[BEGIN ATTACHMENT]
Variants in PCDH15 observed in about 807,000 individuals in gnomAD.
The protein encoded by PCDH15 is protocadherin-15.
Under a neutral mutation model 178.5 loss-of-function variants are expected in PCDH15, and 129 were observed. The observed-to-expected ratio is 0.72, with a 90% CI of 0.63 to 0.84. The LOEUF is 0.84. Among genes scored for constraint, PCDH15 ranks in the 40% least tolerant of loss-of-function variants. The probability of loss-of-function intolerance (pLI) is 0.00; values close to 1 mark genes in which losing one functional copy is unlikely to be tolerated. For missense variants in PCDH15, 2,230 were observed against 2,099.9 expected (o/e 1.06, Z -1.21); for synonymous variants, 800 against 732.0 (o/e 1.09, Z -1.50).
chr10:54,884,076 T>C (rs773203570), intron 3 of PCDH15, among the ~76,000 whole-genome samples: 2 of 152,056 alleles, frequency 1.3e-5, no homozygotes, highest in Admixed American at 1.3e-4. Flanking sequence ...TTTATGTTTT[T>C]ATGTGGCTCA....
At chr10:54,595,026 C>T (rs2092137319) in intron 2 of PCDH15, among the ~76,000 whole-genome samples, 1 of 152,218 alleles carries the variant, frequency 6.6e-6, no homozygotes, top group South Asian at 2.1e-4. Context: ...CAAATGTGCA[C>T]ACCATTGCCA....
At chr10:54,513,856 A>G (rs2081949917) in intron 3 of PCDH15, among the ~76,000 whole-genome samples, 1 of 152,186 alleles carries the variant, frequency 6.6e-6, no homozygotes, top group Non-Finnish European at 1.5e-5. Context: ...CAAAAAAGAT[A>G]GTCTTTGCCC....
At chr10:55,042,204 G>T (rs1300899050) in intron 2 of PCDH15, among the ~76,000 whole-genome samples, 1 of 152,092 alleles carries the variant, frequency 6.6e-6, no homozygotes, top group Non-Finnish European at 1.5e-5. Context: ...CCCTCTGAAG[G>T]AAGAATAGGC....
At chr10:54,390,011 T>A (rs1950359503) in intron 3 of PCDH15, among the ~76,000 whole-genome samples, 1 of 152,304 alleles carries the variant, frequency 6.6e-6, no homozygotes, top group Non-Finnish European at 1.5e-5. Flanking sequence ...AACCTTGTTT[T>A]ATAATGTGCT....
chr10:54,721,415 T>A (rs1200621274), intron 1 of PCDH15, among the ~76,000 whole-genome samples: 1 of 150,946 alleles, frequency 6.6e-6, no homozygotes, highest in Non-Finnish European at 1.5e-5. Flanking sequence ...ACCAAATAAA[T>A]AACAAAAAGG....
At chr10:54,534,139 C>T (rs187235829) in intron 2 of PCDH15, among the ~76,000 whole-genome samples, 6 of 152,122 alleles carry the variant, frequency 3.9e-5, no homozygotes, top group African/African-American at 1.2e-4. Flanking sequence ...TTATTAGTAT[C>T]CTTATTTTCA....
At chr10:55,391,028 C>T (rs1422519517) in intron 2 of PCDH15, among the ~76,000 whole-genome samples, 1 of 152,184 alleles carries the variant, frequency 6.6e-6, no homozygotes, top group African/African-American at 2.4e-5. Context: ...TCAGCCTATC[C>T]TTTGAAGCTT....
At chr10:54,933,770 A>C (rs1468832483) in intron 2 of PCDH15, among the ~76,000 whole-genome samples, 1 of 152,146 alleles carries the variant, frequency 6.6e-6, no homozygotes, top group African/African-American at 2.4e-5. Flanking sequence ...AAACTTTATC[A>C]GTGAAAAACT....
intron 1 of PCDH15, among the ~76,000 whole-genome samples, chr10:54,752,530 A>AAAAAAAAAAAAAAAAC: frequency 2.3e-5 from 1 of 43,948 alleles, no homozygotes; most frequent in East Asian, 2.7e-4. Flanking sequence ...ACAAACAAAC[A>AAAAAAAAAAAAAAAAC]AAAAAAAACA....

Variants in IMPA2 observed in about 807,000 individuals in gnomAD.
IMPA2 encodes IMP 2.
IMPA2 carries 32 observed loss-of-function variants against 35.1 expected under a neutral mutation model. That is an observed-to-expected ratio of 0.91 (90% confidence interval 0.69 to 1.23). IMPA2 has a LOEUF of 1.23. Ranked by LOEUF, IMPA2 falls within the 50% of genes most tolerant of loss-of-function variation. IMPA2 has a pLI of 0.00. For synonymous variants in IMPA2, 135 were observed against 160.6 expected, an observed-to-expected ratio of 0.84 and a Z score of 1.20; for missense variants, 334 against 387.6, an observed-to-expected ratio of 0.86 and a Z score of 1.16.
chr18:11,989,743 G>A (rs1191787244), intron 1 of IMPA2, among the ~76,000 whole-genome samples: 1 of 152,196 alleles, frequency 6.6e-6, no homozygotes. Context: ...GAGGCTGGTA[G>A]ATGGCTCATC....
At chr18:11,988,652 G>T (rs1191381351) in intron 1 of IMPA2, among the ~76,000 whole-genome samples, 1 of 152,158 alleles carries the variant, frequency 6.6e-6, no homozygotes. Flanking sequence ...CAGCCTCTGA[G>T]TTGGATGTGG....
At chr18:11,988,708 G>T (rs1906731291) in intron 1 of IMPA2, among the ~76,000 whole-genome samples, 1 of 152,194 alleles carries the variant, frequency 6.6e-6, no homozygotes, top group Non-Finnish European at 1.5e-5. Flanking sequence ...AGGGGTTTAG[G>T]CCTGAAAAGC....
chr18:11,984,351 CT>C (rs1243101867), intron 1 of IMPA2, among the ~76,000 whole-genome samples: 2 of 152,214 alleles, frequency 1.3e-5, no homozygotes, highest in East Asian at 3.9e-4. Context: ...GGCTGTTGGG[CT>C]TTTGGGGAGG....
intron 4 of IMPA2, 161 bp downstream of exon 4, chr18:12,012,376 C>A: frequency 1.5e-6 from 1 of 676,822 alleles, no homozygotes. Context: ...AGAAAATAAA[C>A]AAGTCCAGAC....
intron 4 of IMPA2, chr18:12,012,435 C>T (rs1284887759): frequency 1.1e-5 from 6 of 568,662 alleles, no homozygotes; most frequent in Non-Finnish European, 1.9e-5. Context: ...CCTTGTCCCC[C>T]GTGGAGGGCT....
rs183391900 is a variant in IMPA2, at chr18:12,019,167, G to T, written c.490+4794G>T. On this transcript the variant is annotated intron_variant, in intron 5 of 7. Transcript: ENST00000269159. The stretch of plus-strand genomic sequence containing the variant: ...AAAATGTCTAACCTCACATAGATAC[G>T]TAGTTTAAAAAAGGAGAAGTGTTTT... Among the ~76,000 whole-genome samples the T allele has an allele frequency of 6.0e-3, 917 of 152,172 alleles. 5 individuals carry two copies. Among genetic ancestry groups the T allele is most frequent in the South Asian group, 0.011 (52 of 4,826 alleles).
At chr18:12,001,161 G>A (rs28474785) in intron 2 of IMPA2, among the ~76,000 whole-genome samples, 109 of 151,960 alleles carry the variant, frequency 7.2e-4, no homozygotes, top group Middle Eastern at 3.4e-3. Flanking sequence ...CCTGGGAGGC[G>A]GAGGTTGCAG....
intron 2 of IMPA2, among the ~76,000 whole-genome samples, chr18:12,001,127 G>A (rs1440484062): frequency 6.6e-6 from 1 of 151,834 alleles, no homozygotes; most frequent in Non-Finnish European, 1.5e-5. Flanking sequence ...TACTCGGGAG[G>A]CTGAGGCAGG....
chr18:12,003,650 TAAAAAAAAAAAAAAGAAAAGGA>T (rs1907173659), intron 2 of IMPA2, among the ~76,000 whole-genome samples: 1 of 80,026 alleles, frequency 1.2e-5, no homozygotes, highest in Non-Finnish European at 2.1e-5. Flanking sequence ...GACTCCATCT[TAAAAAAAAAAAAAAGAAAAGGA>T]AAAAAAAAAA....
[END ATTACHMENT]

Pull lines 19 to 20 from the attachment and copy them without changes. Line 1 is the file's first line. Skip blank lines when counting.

At chr18:11,988,708 G>T (rs1906731291) in intron 1 of IMPA2, among the ~76,000 whole-genome samples, 1 of 152,194 alleles carries the variant, frequency 6.6e-6, no homozygotes, top group Non-Finnish European at 1.5e-5. Flanking sequence ...AGGGGTTTAG[G>T]CCTGAAAAGC....
chr18:11,984,351 CT>C (rs1243101867), intron 1 of IMPA2, among the ~76,000 whole-genome samples: 2 of 152,214 alleles, frequency 1.3e-5, no homozygotes, highest in East Asian at 3.9e-4. Context: ...GGCTGTTGGG[CT>C]TTTGGGGAGG....